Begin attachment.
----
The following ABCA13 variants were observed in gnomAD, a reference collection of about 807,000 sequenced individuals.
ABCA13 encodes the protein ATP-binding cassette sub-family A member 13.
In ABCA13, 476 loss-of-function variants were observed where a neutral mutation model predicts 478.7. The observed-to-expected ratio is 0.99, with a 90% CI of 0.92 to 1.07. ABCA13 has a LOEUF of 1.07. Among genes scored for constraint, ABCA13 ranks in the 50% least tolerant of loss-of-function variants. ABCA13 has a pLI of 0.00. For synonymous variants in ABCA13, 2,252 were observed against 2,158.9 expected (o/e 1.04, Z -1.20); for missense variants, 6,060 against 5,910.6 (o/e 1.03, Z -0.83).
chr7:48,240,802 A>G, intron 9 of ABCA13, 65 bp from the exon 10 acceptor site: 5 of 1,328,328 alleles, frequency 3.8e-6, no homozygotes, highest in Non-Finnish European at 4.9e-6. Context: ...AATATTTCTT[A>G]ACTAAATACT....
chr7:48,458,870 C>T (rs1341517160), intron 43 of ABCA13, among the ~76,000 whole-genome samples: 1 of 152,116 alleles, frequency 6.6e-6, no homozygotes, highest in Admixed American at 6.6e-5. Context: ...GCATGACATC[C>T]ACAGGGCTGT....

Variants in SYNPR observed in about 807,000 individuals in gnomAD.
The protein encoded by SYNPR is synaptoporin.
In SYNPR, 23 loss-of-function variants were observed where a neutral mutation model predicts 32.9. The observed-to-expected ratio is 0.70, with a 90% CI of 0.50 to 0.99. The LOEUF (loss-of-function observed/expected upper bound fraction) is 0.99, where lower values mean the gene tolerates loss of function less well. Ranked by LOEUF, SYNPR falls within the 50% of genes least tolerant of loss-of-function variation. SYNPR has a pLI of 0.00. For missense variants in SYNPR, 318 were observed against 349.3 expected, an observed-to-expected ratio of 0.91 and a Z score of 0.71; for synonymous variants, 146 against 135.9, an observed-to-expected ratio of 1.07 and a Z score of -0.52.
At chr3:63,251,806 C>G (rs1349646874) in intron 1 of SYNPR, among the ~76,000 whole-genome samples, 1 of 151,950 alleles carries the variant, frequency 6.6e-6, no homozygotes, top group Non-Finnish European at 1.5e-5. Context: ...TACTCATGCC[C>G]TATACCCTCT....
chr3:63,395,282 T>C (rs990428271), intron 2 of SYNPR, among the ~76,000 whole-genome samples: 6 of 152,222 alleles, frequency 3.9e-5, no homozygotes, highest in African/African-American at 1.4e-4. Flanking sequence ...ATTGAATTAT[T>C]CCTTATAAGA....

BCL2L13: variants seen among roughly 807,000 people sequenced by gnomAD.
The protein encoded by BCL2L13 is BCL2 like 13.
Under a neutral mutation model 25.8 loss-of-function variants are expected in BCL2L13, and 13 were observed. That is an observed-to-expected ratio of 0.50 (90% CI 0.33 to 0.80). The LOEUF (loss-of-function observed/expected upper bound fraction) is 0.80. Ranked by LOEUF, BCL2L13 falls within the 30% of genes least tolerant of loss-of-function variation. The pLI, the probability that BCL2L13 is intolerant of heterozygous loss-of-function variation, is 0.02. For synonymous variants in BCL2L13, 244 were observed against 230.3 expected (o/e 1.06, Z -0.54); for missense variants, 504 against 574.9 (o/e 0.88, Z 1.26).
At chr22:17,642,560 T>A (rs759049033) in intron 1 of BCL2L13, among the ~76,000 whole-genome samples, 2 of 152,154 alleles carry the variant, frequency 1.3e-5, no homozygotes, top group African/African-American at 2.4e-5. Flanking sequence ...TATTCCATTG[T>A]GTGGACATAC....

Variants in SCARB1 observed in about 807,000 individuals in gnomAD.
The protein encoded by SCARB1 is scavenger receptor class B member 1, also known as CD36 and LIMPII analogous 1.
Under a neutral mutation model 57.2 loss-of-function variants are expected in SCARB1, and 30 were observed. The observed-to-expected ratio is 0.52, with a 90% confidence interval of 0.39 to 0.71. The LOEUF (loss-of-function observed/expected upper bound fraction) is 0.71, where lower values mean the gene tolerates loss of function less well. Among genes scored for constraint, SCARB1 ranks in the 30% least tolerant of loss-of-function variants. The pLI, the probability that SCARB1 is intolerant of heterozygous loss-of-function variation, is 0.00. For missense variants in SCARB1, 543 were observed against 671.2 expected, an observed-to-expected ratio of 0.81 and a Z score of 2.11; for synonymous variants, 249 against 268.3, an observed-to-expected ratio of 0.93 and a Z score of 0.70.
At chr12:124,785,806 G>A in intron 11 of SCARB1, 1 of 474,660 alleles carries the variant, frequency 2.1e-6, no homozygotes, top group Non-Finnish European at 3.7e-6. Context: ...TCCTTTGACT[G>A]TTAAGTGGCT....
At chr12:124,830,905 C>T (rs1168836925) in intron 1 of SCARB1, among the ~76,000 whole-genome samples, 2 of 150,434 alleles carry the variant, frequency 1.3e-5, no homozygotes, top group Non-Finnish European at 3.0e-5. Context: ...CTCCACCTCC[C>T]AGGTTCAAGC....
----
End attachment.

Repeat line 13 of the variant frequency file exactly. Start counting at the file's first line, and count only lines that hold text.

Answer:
Under a neutral mutation model 25.8 loss-of-function variants are expected in BCL2L13, and 13 were observed. That is an observed-to-expected ratio of 0.50 (90% CI 0.33 to 0.80). The LOEUF (loss-of-function observed/expected upper bound fraction) is 0.80. Ranked by LOEUF, BCL2L13 falls within the 30% of genes least tolerant of loss-of-function variation. The pLI, the probability that BCL2L13 is intolerant of heterozygous loss-of-function variation, is 0.02. For synonymous variants in BCL2L13, 244 were observed against 230.3 expected (o/e 1.06, Z -0.54); for missense variants, 504 against 574.9 (o/e 0.88, Z 1.26).